Forestry and Watersheds

Gilgit-Baltistan is a critical catchment and source of water for hundreds of millions of disadvantaged people across Pakistan as a major part of the Indus River watershed. The Indus provides water (and thus food through irrigation of the arid lowlands of Pakistan) for much of the country. The Indus cuts through Gilgit-Baltistan Province, and this region’s great conifer forests (some of the very last native forests left in the entire country) are crucial to water management, as otherwise excessive run-off, erosion, and siltation can lead to flash flooding (resulting in thousands of deaths every year), hydropower breakdowns, and changes in water regimes that can lead to crop and drinking water failure across much of the country. 

Only roughly 4% of Gilgit-Baltistan is still covered in natural forest, with another 5% of the land covered in forest plantations (e.g., planted fruit trees, poplars, etc.). Diamer District contains some of the last remaining conifer forest in Gilgit-Baltistan. The natural forest zone in Diamer stretches from roughly 7,500 feet to 12,500 feet in elevation and still contains extensive conifer forests of deodar cedar, blue pine and chilghoza pine, fir, spruce, and juniper, interspersed with oak at lower elevations and birch at higher elevations.

Unfortunately, Pakistan also has one of the highest rates of deforestation in the world. Extensive (and often illegal) logging has dramatically reduced the remaining forest cover of pine, spruce, deodar cedar, and juniper. These externally driven logging enterprises (locally knows as the “timber mafia”) have devastated the conifer forests in many of the valleys and have an enormous negative effect of wildlife and livelihoods. Logging enterprises provide little economic return to local communities, and they threaten the ability of communities to survive over the long term from loss of important resources, e.g., timber, firewood, and forest products such as pine nuts and morel mushrooms. It also directly causes significant soil erosion and loss of pastureland in this highly vertical mountain region.

Erosion in the mountains of Pakistan is greatly intensified by rain. Gilgit-Baltistan is extremely arid, with the centrally located town of Gilgit only receiving on average 127 mm of precipitation a year. This is due to the rain shadow effect of the Himalayas, but periodically rains associated with the summer monsoons that strike the south of Pakistan reach into the mountains and can result in disastrous flooding. Floods in 2010 led to over 2,000 lives lost, displaced over 20 million people, and caused damage estimated at over US$40 billion across Pakistan, with major destruction and loss of life in the mountains.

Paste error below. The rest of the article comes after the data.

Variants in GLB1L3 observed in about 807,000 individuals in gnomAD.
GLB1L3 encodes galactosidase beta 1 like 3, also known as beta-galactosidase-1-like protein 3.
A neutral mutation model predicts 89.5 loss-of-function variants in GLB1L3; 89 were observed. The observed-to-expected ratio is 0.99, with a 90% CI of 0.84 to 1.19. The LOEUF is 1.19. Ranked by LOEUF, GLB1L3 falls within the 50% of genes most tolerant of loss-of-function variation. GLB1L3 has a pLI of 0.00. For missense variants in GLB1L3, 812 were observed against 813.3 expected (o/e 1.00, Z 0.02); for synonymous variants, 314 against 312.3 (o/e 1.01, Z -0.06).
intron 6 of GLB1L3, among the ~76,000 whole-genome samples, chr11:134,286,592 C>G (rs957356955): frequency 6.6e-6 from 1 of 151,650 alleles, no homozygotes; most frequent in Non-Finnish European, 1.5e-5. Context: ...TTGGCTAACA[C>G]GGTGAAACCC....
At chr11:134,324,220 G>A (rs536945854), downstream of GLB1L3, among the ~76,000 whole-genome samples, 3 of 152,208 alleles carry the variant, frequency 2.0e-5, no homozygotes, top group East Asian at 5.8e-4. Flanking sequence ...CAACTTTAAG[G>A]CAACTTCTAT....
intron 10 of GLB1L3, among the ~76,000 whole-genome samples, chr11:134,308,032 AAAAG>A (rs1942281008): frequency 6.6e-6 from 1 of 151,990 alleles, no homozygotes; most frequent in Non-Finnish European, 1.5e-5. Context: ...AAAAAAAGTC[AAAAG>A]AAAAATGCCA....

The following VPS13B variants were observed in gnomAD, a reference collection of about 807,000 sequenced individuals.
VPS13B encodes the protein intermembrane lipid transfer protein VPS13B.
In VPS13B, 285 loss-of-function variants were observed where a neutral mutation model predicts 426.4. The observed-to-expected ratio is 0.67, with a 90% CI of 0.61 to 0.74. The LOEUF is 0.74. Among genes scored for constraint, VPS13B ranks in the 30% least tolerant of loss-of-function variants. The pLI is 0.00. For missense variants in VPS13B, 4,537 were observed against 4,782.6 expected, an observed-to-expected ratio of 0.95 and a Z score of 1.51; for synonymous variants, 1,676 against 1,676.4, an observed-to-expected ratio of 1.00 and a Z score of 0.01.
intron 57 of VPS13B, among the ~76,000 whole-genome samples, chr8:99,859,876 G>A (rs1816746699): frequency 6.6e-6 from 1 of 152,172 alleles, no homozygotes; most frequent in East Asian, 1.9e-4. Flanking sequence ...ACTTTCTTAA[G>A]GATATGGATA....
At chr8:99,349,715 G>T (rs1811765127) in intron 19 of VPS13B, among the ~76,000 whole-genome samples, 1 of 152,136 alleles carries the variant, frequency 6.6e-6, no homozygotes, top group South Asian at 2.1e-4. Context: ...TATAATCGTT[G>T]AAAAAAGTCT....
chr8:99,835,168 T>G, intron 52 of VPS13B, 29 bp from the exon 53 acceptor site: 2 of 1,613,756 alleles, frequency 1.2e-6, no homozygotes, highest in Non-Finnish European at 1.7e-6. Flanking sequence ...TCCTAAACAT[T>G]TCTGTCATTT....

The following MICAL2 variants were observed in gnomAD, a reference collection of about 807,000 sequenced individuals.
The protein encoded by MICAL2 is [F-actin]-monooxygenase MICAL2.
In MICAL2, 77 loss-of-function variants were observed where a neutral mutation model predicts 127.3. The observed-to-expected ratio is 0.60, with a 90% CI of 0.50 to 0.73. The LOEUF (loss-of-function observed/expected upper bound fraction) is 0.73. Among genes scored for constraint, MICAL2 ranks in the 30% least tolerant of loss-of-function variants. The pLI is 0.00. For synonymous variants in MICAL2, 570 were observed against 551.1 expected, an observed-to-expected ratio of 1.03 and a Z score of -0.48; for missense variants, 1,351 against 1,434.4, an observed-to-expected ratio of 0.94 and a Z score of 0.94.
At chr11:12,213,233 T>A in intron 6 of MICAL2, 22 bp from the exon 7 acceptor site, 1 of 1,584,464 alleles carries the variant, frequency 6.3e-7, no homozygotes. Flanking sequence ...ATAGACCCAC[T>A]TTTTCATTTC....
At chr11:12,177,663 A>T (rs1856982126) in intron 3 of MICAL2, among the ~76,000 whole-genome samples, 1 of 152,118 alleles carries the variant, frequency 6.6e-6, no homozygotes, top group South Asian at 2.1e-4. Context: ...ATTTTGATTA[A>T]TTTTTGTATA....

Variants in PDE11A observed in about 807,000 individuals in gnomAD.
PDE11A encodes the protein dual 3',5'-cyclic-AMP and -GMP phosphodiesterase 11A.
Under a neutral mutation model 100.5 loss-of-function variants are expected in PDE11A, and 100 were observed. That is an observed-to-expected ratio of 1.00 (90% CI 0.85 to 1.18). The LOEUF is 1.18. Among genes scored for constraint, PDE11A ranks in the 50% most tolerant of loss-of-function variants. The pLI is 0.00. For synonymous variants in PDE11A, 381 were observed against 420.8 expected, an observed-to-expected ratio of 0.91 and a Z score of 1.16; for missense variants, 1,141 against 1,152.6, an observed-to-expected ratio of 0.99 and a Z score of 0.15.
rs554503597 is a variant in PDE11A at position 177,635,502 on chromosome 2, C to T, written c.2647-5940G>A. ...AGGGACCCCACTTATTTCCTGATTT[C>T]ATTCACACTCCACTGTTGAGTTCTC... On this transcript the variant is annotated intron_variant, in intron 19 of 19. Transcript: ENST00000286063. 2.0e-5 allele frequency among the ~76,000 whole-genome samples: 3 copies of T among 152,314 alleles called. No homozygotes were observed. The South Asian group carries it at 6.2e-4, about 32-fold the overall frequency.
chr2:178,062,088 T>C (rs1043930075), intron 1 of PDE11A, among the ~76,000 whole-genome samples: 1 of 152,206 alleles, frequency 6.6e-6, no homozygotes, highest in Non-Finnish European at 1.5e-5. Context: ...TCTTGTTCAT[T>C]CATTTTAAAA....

Forests maintain soil structure and control erosion in a variety of well-documented ways. They lessen the direct impact of rain on soil by dissipating the speed, size, and force of raindrops; they improve drainage through their root systems, lessening the disastrous effects of surface run-off; and their root systems physically hold soils in place. Forest loss puts soils at risk of erosion from even minor rain events, and this is especially true for soils found on steep slopes as are found throughout Diamer District’s precipitous mountainous terrain.

Rivers and streams in Gilgit-Baltistan feed directly into the Indus River, which bisects the district as it runs out of the mountains to the plains in the south. Maintaining forests, and thus soil structure and overall ecosystem services in this region is critical not only to ecosystem function and thus wildlife and human communities of this area but to large-scale development projects such as the proposed Diamer Bhasha Dam, whose extensive reservoir will extend across a majority (roughly 60 miles) of Diamer District’s length. As an example, the Tarbela Dam, located downstream on the Indus River, has had its functional life decreased from 50 years to 20 years due to siltation, part of which is blamed on deforestation in these mountains.

Although forest loss in Gilgit-Baltistan was estimated to be occurring at a rate of roughly 10% per year in the early 1990s, the WCS community-based conservation program has had dramatic success in protecting forests in the region. WCS has helped create 65 community natural resource organizations with legally binding bylaws related to protection of forests. Illegal logging has stopped in most of the valleys where WCS community initiatives are underway, and a recent remote sensing forest cover assessment suggests that the entire WCS landscape (about 10,000 km2) may have lost less than 1% of forest cover from 2000-2012

Gilgit-Baltistan also has very important non-timber forest products (NTFPs), which includes chilghoza pine nuts as well as various medicinal and food plants. NTFPs are an important source of income that can supplement farming and livestock herding. Overharvesting is a threat to livelihoods of the mountain communities as well as to wildlife that also depends on these plants or plant products for food. WCS has helped local communities, the Provincial Forest Department Gilgit-Baltistan and UNDP to select sites for their Mountain & Markets and Business and Biodiversity projects and to establish biodiversity business enterprise committees under our program’s community resource organizations in Diamer and Astore Districts, with the aims to protect and generate optimum benefits through proper marketing of NTFPs. 

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